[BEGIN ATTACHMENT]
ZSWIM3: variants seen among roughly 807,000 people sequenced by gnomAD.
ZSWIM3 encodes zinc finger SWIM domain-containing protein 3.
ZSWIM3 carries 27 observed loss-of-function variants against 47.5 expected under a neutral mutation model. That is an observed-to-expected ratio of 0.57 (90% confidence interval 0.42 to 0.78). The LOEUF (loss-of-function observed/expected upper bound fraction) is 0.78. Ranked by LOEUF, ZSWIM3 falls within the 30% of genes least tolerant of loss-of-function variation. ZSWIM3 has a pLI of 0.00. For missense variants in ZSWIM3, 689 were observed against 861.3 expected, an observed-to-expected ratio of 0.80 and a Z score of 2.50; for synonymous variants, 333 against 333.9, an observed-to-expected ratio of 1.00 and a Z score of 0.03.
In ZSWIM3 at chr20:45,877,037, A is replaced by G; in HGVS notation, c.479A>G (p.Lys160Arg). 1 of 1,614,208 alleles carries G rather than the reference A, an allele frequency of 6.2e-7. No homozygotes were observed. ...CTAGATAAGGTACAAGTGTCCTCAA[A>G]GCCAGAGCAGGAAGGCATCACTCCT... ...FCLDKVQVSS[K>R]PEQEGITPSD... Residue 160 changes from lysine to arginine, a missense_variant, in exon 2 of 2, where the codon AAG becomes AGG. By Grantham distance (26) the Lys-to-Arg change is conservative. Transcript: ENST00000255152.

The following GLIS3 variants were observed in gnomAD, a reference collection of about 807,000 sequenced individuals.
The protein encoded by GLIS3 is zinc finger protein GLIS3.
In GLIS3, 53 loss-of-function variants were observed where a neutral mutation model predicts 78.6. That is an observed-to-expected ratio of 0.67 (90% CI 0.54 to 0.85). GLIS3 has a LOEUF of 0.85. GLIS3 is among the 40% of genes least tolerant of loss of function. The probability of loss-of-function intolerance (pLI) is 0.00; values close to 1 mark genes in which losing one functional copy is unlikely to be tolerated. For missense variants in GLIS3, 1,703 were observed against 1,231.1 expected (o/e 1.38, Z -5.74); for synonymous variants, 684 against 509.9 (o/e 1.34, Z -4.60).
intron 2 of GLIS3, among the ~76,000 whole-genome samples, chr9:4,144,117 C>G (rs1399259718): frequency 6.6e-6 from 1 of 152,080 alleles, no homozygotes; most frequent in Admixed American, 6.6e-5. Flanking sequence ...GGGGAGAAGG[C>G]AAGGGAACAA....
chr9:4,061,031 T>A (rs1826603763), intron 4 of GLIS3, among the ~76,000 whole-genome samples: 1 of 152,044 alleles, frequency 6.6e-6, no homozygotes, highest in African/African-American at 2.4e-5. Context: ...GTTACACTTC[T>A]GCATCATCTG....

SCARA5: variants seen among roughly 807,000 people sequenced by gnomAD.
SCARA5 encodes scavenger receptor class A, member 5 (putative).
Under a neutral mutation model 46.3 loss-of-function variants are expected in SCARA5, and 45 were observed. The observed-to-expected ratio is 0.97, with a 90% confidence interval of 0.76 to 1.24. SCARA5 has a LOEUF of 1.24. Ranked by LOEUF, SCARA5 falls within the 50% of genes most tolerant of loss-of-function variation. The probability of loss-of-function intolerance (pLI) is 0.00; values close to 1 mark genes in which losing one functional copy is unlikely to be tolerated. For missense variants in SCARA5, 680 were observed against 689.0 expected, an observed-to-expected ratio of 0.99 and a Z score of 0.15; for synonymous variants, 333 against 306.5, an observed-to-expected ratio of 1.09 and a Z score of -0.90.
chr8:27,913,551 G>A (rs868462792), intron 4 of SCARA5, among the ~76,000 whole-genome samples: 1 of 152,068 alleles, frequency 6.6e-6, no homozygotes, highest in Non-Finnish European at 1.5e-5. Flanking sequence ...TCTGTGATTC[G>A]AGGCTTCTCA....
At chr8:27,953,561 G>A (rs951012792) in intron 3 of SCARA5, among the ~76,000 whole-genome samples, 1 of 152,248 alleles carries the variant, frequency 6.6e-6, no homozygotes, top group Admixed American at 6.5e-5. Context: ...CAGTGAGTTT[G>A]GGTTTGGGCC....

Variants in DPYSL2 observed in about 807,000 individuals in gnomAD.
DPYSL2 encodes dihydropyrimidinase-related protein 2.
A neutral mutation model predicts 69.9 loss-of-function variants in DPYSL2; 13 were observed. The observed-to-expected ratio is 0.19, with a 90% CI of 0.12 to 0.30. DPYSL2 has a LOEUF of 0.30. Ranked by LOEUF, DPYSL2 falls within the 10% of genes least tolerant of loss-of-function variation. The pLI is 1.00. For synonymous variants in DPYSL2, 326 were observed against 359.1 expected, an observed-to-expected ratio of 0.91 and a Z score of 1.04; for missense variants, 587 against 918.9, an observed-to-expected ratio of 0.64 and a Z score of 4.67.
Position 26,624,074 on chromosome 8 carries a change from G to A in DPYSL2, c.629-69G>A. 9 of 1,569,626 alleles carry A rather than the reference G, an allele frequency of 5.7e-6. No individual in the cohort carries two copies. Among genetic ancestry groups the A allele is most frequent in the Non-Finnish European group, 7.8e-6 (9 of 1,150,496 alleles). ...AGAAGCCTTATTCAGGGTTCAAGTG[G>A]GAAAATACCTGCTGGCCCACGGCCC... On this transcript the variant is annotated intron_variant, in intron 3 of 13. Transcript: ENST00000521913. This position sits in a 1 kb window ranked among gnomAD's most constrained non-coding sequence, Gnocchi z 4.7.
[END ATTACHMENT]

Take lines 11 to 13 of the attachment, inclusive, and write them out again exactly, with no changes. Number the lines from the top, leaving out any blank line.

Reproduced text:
SCARA5 encodes scavenger receptor class A, member 5 (putative).
Under a neutral mutation model 46.3 loss-of-function variants are expected in SCARA5, and 45 were observed. The observed-to-expected ratio is 0.97, with a 90% confidence interval of 0.76 to 1.24. SCARA5 has a LOEUF of 1.24. Ranked by LOEUF, SCARA5 falls within the 50% of genes most tolerant of loss-of-function variation. The probability of loss-of-function intolerance (pLI) is 0.00; values close to 1 mark genes in which losing one functional copy is unlikely to be tolerated. For missense variants in SCARA5, 680 were observed against 689.0 expected, an observed-to-expected ratio of 0.99 and a Z score of 0.15; for synonymous variants, 333 against 306.5, an observed-to-expected ratio of 1.09 and a Z score of -0.90.
chr8:27,913,551 G>A (rs868462792), intron 4 of SCARA5, among the ~76,000 whole-genome samples: 1 of 152,068 alleles, frequency 6.6e-6, no homozygotes, highest in Non-Finnish European at 1.5e-5. Flanking sequence ...TCTGTGATTC[G>A]AGGCTTCTCA....